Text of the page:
Biconical bead, Egypt or Syria, 10th/11th century. Gold, with filigree, granulation, and “rope” wire, length 7.2 cm. Photograph © The Aga Khan Museum, Toronto, AKM610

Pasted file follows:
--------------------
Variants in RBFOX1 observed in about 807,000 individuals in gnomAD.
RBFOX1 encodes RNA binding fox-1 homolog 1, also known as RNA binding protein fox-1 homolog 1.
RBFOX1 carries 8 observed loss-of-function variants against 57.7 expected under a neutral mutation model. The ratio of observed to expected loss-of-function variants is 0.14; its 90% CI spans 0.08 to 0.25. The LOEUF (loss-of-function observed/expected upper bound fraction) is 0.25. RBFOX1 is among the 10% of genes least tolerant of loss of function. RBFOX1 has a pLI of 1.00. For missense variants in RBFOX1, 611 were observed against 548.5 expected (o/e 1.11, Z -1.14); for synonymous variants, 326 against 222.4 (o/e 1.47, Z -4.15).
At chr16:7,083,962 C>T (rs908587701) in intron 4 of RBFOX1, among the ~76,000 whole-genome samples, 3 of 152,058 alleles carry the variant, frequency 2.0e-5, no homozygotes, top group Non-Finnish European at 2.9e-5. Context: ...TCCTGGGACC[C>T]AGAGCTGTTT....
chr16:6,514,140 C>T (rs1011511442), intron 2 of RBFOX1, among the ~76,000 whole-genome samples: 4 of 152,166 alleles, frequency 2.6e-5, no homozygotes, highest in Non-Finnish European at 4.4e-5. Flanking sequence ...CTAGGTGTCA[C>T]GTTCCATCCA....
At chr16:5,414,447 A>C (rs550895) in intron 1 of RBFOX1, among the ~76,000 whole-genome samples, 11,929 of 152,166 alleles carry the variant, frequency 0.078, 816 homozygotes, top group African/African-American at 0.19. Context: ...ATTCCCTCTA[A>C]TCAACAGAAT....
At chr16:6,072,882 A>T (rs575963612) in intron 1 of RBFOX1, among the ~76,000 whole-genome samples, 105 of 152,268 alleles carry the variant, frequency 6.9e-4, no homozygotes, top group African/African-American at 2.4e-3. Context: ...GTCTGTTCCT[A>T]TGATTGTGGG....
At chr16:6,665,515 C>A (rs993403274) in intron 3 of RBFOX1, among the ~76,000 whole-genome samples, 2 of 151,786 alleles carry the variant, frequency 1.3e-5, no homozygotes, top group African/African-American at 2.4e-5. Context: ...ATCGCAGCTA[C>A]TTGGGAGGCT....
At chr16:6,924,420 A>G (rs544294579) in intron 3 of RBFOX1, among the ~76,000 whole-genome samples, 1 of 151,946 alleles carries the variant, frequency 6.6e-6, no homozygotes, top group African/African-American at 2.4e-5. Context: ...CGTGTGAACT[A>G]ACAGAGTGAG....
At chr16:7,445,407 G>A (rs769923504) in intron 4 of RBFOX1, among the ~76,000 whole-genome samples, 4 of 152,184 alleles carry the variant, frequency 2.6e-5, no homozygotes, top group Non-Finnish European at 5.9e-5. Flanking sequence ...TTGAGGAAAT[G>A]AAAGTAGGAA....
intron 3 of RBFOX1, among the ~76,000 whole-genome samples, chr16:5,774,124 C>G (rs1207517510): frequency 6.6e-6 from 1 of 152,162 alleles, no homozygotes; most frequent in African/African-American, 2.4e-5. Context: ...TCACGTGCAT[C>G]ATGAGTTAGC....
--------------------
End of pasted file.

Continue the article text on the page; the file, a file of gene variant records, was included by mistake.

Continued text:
The wealthy and powerful Fatimid Caliphate (909–1171), which ruled across North Africa, Egypt, and Syria, was active in Mediterranean, Indian Ocean, and trans-Saharan trade networks. They vied with the Umayyads of Spain for access to West African gold and for control of major trading cities like Sijilmasa. This large and elaborate Fatimid bead is composed of two filigree cones that are joined along a central seam, a distinctive bead shape that has its origins in antiquity. During the medieval period, Jewish metalsmiths dominated gold working for Christian, Jewish, and Muslim clients across the Mediterranean.